You can reduce your chances of getting infected by getting vaccinated for swine flu. The swine flu vaccine is available in two forms – as a shot and as a nasal spray. Swine flu vaccine as a shot is called the “killed virus” vaccine, whereas nasal spray swine flu vaccine is called the “live virus” vaccine. In both cases, the vaccine works by exposing the patients to a small dose of virus, which in turn helps the immune system to develop immunity against the virus.


Flu – in children and adults

Seasonal influenza or flu is caused by influenza A or B. It can affect both the children and adults but those with weak immunity are the most vulnerable to it. Flu is highly contagious and spreads through the droplets of the infected person created while coughing, sneezing and talking. Symptoms of flu include fever, chills, throat pain, stuffy nose, muscle pain, headache, fatigue, vomiting and diarrhea. In adults, flu complications can cause bacterial pneumonia, ear infection, sinus infection, dehydration and worsening of existing chronic conditions.

Annual flu shots are recommended to prevent the seasonal flu in both children and adults. These vaccines contain dead viruses that trigger the immune system to create antibodies against them. It is advisable to get the flu shot before the flu season begins as the body takes a minimum of 2 weeks to develop the antibodies. Moreover, health history and allergies should be considered before getting the flu shot.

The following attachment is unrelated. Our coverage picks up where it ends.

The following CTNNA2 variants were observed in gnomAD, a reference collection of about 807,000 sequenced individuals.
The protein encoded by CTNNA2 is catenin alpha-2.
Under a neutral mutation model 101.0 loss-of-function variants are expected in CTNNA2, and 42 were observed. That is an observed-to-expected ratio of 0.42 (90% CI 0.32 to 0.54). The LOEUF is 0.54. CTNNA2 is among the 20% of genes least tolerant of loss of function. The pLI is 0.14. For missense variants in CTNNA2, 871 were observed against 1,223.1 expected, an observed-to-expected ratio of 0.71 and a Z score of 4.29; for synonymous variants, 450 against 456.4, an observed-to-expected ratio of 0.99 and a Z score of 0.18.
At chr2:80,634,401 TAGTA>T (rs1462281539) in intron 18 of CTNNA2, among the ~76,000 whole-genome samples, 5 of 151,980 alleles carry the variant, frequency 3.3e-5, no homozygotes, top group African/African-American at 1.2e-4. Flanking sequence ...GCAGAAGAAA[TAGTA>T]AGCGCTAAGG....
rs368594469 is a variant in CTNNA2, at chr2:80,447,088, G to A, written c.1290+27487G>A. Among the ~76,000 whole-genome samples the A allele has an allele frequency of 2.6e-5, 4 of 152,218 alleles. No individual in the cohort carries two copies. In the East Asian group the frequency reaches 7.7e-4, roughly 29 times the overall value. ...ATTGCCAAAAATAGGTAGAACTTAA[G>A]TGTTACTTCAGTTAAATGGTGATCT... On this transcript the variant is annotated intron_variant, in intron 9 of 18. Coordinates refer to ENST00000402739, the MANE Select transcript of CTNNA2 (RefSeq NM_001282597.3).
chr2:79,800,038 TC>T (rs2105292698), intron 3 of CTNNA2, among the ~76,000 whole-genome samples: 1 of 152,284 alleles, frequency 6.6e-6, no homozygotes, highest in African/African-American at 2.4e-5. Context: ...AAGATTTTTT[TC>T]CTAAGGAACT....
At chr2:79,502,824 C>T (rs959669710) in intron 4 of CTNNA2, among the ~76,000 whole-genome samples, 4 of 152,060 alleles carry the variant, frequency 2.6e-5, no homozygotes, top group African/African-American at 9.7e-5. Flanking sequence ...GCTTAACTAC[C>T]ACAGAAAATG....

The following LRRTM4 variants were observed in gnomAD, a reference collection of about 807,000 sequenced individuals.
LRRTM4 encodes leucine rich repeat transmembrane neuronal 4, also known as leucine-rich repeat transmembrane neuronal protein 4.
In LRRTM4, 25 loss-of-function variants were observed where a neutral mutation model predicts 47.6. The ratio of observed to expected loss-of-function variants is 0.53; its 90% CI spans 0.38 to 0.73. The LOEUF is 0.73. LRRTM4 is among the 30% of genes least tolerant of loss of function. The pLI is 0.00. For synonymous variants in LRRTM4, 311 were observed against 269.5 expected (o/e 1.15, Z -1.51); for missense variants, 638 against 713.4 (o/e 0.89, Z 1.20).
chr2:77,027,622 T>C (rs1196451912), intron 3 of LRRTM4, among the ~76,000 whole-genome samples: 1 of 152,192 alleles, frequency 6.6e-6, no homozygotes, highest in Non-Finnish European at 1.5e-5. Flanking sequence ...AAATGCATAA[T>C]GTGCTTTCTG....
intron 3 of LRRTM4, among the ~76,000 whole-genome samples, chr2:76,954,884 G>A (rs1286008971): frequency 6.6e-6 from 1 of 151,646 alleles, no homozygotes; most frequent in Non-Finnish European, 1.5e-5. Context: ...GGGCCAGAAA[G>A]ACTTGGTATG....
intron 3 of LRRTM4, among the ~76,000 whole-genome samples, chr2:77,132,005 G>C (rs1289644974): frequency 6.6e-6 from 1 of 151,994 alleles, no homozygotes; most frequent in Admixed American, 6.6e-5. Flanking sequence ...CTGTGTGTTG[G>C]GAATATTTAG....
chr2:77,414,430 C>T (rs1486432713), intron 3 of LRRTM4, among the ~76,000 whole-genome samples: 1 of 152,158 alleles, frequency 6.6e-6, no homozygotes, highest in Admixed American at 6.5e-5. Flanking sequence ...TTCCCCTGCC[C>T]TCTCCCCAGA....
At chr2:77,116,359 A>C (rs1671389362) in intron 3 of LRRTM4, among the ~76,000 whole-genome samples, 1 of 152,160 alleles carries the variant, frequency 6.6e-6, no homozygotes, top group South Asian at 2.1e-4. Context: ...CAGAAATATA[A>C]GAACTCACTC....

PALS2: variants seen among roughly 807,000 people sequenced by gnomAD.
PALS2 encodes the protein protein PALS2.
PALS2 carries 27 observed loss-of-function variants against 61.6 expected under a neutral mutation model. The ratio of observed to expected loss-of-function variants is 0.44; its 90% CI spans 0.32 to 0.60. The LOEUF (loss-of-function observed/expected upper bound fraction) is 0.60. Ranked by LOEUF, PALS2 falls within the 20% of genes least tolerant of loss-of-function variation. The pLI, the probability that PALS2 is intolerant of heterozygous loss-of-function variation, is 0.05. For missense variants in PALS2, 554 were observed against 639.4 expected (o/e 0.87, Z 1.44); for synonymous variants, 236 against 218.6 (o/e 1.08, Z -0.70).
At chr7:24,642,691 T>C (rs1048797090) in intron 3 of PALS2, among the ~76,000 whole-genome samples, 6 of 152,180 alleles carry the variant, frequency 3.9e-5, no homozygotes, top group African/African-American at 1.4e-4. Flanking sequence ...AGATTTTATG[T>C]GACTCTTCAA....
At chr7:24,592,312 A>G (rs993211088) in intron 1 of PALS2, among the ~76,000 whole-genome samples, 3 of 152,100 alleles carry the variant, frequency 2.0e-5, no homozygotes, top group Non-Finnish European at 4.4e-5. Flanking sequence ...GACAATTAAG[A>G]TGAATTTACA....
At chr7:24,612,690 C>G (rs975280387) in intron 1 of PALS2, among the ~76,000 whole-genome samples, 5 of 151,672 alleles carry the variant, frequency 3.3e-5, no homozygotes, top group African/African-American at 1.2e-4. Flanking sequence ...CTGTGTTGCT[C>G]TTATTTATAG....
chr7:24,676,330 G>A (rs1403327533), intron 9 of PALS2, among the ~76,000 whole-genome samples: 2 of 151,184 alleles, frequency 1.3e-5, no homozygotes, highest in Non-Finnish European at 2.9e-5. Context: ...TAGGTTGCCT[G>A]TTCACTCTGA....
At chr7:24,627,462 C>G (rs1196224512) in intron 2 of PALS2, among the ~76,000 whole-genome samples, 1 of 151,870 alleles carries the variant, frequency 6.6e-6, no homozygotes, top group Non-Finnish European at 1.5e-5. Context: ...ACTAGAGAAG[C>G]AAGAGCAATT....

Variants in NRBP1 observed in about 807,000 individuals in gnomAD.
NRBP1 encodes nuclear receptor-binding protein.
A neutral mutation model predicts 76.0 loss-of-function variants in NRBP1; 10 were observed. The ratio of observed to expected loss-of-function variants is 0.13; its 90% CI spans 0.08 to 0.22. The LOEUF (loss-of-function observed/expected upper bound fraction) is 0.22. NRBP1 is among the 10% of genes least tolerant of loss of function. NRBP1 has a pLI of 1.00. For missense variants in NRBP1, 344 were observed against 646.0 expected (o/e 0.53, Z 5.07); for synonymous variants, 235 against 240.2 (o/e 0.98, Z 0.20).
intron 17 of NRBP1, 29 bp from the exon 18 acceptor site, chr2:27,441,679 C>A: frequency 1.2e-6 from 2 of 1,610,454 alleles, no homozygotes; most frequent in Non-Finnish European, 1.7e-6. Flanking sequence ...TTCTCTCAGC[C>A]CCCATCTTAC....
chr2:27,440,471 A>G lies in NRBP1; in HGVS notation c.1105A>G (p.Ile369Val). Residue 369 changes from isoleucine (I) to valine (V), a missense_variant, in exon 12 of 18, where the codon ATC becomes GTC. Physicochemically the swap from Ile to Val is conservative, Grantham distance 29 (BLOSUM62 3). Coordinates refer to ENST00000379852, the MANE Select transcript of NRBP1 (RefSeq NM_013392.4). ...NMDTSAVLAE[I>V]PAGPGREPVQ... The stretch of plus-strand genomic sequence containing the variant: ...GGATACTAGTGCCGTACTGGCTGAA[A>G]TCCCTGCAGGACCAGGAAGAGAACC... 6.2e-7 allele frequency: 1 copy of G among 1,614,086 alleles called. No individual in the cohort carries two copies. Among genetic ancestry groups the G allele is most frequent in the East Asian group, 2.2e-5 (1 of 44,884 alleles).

Chronic Obstructive Pulmonary Disease (COPD)

COPD is a chronic inflammatory lung disease which causes obstructed airflow from the lungs. People usually experience symptoms like shortness of breath, cough, mucus production and wheezing. The typical cause of COPD is smoking or exposure to irritating gases. Genes may also play a role in it sometimes. In most cases, COPD goes undetected for far too long as the symptoms are often mistaken for the gradual process of aging.

COPD is an irreversible disorder. Treatment includes smoking cessation, medication to open the airways and pulmonary rehabilitation.


Pneumonia - Healthians


Pneumonia can be viral, bacterial or fungal. It is caused by an infection in the air sacs in the lungs. Symptoms include cough, fever, chills, and breathlessness and can range from mild to severe. Most people recover from it in one to three weeks. But for some people, especially children younger than 5 yeas old, pneumonia can be life-threatening. Risk of pneumonia complications increases if there is underlying medical conditions like heart diseases or diabetes.